Restaurant Meals Mean More Calories And Soda For Kids And Teens | WAMU 88.5 - American University Radio

NPR : News

Filed Under:

Restaurant Meals Mean More Calories And Soda For Kids And Teens

Walk into a fast food restaurant and it's probably safe to assume that whatever deep-fried deliciousness you eat, you'll consume more calories than you would if you ate a well-rounded home cooked meal. That's common sense.

But, public health officials are sounding the alarm about the effect that eating out often – whether at fast food or full service restaurants – is having on our diets, especially in children.

And now, there's data to support the public health community's fears. Lisa Powell, a professor of health policy and administration at the University of Illinois at Chicago, and her colleague Binh T. Nguyen, also of the University of Illinois at Chicago, linked eating at both fast-food and full service restaurants to higher calorie intake. Their results were published Monday in the Archives of Pediatric and Adolescent Medicine.

The researchers analyzed data from the National Health and Nutrition Examination Survey of 4,717 children (ages 2 to 11) and 4,699 adolescents (ages 12-19) – over the course of several years.

They looked at each kid's diet on two separate days and examined a slew of factors: how much of the food they ate came from fast food joints, how much came from full-service restaurants, whether they got takeout or ate at the restaurant, energy and beverage intake, and nutrient intake (fat, saturated fat, sugar, sodium, etc.). The also accounted for food consumed at a friend's house or at school.

Teens got 309 more calories on days when they ate at fast-food restaurants, but overall children and adolescents consumed more calories on days where they ate at either full-service or fast-food establishments. Teens that ate at the fast-food restaurant also drank less milk and twice the soda on a daily basis. The daily total energy intake for those who ate at full-service restaurants were also higher, and for lower income teens and children, the adverse effects on diet only get worse.

"On days when teens are consuming fast-food they're not reducing their calorie consumption in other areas of their diet," says Powell. "They take in more sugar, more fat, more saturated fat, more sodium – that's putting them at risk for a whole host of other health risks." Namely, heart disease, diabetes, and stroke, just to name a few.

According to the Centers for Disease Control and Prevention, 37.5 percent of adults and more than one third of children and adolescents in the United States are obese.

And, we eat out a lot more than we used to years ago, when restaurant meals were an expensive treat. (According to a report released this week by NPD, we are eating out a tad less since the recession — adults ages 18 to 34 will eat out only 202 times this year, compared to 252 times in 2007 — but that's still only about about a day less each week.)

Powell blames marketing in part. "Children and youth are constantly being bombarded with the promotion of fast-food," she says. Powell notes that kids are exposed to more fast food ads on TV these days, and more fast-food restaurants can be found near high schools.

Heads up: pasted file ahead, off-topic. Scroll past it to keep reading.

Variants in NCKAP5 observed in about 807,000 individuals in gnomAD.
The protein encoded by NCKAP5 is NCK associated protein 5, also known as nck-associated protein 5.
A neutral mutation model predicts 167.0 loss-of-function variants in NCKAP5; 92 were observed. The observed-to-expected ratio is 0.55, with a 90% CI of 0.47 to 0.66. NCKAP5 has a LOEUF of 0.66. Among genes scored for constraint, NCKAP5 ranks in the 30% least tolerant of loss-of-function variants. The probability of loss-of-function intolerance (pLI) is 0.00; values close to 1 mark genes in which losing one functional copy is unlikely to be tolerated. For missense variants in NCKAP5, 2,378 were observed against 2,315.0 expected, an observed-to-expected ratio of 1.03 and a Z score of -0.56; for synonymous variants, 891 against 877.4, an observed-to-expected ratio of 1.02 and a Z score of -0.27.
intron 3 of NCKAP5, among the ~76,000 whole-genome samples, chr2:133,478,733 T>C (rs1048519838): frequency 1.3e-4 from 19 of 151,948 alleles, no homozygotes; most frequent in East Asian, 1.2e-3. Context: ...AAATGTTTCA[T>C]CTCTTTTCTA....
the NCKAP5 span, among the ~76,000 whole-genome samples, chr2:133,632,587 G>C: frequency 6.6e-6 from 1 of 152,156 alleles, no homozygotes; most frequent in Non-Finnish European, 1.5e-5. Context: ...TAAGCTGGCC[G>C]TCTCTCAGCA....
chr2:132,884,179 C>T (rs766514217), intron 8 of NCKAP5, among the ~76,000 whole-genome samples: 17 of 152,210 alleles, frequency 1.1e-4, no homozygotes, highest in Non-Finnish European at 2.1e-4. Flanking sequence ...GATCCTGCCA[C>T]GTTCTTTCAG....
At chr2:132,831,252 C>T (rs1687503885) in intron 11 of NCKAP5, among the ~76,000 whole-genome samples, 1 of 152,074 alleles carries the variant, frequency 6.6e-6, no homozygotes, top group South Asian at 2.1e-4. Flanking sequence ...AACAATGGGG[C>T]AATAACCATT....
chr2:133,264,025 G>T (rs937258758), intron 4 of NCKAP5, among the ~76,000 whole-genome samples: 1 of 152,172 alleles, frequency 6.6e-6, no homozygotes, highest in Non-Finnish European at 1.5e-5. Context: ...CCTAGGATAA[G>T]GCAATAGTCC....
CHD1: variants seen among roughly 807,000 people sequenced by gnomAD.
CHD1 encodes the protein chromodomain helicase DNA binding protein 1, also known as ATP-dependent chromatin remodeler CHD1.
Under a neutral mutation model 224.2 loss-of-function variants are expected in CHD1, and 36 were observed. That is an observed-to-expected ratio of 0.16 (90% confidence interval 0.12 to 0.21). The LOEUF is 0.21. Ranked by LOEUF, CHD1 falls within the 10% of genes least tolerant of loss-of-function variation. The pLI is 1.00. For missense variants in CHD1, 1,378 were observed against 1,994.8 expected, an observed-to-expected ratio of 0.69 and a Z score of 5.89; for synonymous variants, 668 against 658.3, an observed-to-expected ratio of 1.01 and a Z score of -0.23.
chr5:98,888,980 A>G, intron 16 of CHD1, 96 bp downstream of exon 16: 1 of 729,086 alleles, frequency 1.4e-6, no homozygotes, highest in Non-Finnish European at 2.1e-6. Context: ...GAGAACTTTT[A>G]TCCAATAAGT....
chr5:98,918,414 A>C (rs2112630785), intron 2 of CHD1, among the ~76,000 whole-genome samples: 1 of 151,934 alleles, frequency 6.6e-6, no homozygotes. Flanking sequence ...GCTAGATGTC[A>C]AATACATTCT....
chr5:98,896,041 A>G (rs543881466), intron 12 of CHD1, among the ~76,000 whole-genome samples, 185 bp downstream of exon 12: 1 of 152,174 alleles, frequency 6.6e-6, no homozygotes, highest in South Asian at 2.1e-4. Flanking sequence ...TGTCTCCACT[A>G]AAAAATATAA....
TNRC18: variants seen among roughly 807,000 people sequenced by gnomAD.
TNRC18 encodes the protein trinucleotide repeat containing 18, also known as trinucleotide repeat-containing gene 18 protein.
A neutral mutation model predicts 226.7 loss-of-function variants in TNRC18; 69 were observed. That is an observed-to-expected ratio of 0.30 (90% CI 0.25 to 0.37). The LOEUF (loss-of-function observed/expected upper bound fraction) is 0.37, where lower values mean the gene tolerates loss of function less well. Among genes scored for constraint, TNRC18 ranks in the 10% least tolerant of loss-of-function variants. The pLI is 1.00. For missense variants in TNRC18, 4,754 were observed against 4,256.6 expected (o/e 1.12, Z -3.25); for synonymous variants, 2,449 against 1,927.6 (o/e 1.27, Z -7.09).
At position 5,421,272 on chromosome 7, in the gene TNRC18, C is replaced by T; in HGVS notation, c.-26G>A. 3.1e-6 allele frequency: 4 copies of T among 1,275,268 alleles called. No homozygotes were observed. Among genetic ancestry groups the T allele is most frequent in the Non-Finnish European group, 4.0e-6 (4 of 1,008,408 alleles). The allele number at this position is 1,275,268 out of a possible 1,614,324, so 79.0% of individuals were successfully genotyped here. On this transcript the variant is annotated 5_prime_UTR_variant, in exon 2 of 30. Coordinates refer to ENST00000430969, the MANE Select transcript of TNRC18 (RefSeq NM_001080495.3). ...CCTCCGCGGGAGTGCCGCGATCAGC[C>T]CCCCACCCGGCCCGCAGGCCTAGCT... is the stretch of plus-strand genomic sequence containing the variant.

That fast-food and full-service restaurants bring the calories and increase soda intake is no surprise to folks who've been following these issues.

Sara Bleich, an assistant professor of health policy at Johns Hopkins University's Bloomberg School of Public Health in Baltimore, who is not affiliated with the research, says the study does a better job than previous ones at tracking the multiple sources of food in kids' diets, but notes the study has some limitations. For example it's a survey that requires participants to recall what they were eating — always an X factor.

"What is most notable about this paper is not its finding but rather its policy significance," she says. Bleich says it will help policymakers address obesity.

Powell says addressing the obesity issue isn't as simple as putting in place a soda ban. But she says it's a step in the right direction. "We need to change the environment," she says. "We need to work with restaurants, so that the healthy items are priced well and promoted."

Some eating establishments have made efforts to scrub their greasy reputations. McDonalds now prominently features calorie counts on its menus, and some hospitals are offering more healthy choices. This summer, Disney even started limiting junk food advertisements.

Whatever happens, warns Powell, "We don't want fast food to become the norm."

Copyright 2012 National Public Radio. To see more, visit


Author Wrestles With Wolves In 'Treat Us Like Dogs'

NPR's Scott Simon talks to Carolyn Chute about her new novel, Treat Us Like Dogs and We Will Become Wolves. The book follows a reporter as she investigates a remote commune and its charismatic leader.

Need A New Sweet Potato Recipe For Your Thanksgiving Table? Try Gnocchi

Because some cooks like to mix it up for Thanksgiving, we offer a Found Recipe from our archives: Julia Della Croce's purple sweet potato gnocchi.

In Las Vegas, Obama Sells His Immigration Plan

President Obama has begun to try to sell the American public on his controversial executive action on immigration. He started Friday, with a visit to Del Sol High School in Las Vegas.

Terrible Video Game, Great Fundraiser: Meet Desert Bus For Hope

Desert Bus, a parody game invented by magicians Penn and Teller, consists of driving a bus on a featureless road for hours. A comedy troupe in Canada has turned that monotony into money for charity.

Leave a Comment

Help keep the conversation civil. Please refer to our Terms of Use and Code of Conduct before posting your comments.